Lifted and Carried By The Spirit

Ezekiel 3:12 (ESV) … “Then the Spirit lifted me up, and I heard behind me the voice of a great earthquake: “Blessed be the glory of the Lord from its place!”


Ezekiel’s vision of God’s glory had provided the needed perspective for his task (1:4–2:7). The message he was to deliver was provided by God (2:8–3:11). Then he needed motivation to direct him in the task. That motivation was provided by the “hand of the Lord” (cf. 1:3). He was first guided by the Spirit to his place of ministry (3:12–15); he was then formally appointed as God’s watchman to Israel (vv. 16–21); then the Lord imposed several physical restraints on Ezekiel (vv. 22–27).


After seeing the vision of God, Ezekiel was transported back to Tel Aviv (v. 15) by the Holy Spirit. The movement began when the Spirit lifted him up. The “Spirit” who transported Ezekiel was the same One who had entered into him (2:2). This was the Holy Spirit who divinely enabled God’s servants in Old Testament times. Several times the Holy Spirit transported Ezekiel (mentally rather than physically) to various places to give him information.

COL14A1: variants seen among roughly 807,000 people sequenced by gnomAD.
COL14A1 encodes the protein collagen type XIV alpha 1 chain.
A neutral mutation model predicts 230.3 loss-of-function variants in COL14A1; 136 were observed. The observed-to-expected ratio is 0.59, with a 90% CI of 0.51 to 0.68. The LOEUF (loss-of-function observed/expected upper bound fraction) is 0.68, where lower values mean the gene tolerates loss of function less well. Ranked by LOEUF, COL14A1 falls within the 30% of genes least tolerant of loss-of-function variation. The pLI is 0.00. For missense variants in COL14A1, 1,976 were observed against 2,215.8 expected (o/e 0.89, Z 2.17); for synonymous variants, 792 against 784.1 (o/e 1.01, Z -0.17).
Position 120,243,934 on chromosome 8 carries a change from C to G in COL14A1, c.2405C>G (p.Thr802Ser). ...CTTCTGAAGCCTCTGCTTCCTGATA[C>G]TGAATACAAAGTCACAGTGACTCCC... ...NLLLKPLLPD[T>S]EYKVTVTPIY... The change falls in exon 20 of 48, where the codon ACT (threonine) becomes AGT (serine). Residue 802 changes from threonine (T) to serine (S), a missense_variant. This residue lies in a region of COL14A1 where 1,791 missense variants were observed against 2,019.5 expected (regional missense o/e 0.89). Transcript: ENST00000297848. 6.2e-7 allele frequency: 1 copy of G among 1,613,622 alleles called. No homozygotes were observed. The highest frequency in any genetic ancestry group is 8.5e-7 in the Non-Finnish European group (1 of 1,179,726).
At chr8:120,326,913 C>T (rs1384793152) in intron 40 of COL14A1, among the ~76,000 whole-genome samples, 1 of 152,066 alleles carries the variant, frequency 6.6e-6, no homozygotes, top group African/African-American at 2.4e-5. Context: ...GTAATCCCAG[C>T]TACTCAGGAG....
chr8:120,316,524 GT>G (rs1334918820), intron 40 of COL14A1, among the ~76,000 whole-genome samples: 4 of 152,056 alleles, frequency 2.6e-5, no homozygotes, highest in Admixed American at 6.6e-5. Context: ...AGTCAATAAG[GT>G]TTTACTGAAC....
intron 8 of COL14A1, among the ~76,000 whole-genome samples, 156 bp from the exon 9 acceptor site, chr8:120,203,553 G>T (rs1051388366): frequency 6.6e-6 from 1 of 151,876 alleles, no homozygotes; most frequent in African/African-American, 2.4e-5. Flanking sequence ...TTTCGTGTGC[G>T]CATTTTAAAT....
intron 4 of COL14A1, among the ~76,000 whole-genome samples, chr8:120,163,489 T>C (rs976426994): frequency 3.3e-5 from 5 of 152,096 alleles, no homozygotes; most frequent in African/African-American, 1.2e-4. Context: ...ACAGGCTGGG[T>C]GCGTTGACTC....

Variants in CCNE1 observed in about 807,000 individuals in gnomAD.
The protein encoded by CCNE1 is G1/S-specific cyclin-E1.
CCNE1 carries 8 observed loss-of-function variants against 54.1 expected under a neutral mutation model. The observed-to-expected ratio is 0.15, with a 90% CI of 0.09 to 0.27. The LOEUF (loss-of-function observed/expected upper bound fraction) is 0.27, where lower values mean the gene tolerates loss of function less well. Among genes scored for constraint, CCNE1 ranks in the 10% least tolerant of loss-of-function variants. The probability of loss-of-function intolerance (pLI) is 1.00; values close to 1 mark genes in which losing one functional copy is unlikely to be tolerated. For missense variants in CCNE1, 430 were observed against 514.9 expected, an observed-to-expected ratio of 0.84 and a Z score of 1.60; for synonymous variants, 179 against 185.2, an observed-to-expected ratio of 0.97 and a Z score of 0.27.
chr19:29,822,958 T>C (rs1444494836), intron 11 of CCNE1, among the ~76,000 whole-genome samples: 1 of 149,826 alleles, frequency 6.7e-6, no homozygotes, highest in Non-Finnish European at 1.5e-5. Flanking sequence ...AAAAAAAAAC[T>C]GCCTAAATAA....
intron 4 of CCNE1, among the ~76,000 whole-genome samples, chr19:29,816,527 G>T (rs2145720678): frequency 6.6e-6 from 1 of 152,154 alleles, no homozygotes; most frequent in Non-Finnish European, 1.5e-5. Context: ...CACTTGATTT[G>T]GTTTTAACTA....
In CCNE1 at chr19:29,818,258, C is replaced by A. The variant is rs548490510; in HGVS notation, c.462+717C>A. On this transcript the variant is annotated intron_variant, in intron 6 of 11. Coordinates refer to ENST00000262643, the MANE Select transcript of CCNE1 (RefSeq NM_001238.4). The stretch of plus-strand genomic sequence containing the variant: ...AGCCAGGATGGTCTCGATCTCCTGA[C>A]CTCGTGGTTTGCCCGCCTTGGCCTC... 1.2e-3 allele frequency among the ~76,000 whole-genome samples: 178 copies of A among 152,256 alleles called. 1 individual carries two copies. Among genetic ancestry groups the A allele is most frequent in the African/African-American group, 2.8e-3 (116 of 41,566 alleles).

Ezekiel began to describe the movement by the Holy Spirit (3:12), but did not return to that subject till later (v. 14) because he was distracted by a loud rushing sound. After an interjection of praise (v. 12b) Ezekiel explained that the rushing sound was of the wings of the cherubim brushing against each other and … of the wheels. Ezekiel was transported by the Spirit on God’s throne-chariot, and the sound generated by its movement startled him.


In describing his transport by God’s Spirit, Ezekiel interjected, May the glory of the Lord be praised in His dwelling place. The “rushing sound” before his expression of praise was made by the cherubim’s wings and wheels. Overcome by the sight and sound of God’s glory, Ezekiel responded with this spontaneous note of praise to God.[1]

The Spirit of God took Ezekiel to his place of service. Ezekiel was submissive to the Spirit placing him in service. This verse reminds us that we will never serve God if we are not submissive to the Spirit’s leading.





[1] Dyer, C. H. (1985). Ezekiel. In J. F. Walvoord & R. B. Zuck (Eds.), The Bible Knowledge Commentary: An Exposition of the Scriptures (Vol. 1, p. 1232). Wheaton, IL: Victor Books.

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